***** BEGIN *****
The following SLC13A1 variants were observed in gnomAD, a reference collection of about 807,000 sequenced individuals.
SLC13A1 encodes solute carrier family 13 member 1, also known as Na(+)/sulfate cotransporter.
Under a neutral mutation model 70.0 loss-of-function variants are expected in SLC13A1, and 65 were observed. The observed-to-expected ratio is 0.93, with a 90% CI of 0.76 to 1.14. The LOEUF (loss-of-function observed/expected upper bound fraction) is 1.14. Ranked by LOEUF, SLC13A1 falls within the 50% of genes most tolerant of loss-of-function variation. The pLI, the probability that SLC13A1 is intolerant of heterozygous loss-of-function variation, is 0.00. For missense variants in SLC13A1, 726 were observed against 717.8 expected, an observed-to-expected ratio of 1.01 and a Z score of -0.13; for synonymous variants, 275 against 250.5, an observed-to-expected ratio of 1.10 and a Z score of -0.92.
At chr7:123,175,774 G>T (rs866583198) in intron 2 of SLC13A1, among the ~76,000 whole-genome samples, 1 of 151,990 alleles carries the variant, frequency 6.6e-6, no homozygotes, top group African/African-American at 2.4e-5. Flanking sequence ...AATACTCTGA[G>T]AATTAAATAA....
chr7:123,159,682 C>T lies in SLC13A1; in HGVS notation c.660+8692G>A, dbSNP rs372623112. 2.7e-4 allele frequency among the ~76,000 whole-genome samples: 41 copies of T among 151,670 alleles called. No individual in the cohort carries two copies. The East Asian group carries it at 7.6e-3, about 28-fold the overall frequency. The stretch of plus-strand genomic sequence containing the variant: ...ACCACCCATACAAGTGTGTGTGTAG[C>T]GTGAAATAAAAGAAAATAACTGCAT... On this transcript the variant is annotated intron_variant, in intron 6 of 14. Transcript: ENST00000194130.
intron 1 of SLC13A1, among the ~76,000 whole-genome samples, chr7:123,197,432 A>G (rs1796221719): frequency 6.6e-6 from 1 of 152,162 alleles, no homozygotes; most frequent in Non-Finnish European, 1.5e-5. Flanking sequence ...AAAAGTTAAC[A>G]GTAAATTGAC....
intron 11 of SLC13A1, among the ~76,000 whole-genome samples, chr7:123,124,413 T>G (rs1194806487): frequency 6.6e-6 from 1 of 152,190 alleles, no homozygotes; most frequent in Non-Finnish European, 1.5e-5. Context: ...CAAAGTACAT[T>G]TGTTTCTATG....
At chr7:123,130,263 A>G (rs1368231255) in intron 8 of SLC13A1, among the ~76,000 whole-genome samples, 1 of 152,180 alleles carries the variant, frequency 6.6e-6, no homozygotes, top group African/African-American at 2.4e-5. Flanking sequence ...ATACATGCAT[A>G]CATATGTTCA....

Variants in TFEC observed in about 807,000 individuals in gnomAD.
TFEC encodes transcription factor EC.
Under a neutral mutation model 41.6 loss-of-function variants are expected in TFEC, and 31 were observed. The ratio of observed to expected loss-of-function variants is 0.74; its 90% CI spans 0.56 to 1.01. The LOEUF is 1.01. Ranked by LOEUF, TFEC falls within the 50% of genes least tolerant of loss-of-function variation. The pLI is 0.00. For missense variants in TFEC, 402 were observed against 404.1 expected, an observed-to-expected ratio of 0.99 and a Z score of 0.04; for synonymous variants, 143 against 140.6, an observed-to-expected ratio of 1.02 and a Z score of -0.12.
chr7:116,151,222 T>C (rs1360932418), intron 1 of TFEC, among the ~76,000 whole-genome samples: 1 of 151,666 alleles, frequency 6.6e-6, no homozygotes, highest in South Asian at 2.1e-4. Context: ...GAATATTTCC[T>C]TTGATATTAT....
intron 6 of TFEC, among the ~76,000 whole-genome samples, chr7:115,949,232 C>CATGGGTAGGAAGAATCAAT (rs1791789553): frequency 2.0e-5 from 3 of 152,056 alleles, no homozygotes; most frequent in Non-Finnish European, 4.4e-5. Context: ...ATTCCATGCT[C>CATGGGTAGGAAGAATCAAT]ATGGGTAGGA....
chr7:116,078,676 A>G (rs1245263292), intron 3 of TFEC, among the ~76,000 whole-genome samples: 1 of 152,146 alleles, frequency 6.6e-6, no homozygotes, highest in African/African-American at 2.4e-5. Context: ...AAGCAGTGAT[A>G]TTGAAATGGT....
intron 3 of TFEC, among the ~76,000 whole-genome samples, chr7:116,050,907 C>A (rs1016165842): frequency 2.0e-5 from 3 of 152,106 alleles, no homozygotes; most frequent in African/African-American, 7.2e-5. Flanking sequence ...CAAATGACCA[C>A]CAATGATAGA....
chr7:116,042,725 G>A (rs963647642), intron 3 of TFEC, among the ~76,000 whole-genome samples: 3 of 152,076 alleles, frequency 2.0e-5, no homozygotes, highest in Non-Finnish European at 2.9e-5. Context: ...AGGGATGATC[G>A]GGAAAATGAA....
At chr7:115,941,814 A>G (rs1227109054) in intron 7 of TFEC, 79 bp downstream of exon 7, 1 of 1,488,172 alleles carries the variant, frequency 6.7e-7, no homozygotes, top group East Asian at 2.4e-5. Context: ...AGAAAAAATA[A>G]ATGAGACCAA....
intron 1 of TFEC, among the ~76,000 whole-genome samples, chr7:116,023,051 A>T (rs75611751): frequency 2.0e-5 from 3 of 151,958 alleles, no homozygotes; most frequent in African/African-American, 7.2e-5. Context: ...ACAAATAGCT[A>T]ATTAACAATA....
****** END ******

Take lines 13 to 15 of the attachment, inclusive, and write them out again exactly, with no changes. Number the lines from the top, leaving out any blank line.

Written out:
intron 6 of TFEC, among the ~76,000 whole-genome samples, chr7:115,949,232 C>CATGGGTAGGAAGAATCAAT (rs1791789553): frequency 2.0e-5 from 3 of 152,056 alleles, no homozygotes; most frequent in Non-Finnish European, 4.4e-5. Context: ...ATTCCATGCT[C>CATGGGTAGGAAGAATCAAT]ATGGGTAGGA....
chr7:116,078,676 A>G (rs1245263292), intron 3 of TFEC, among the ~76,000 whole-genome samples: 1 of 152,146 alleles, frequency 6.6e-6, no homozygotes, highest in African/African-American at 2.4e-5. Context: ...AAGCAGTGAT[A>G]TTGAAATGGT....
intron 3 of TFEC, among the ~76,000 whole-genome samples, chr7:116,050,907 C>A (rs1016165842): frequency 2.0e-5 from 3 of 152,106 alleles, no homozygotes; most frequent in African/African-American, 7.2e-5. Flanking sequence ...CAAATGACCA[C>A]CAATGATAGA....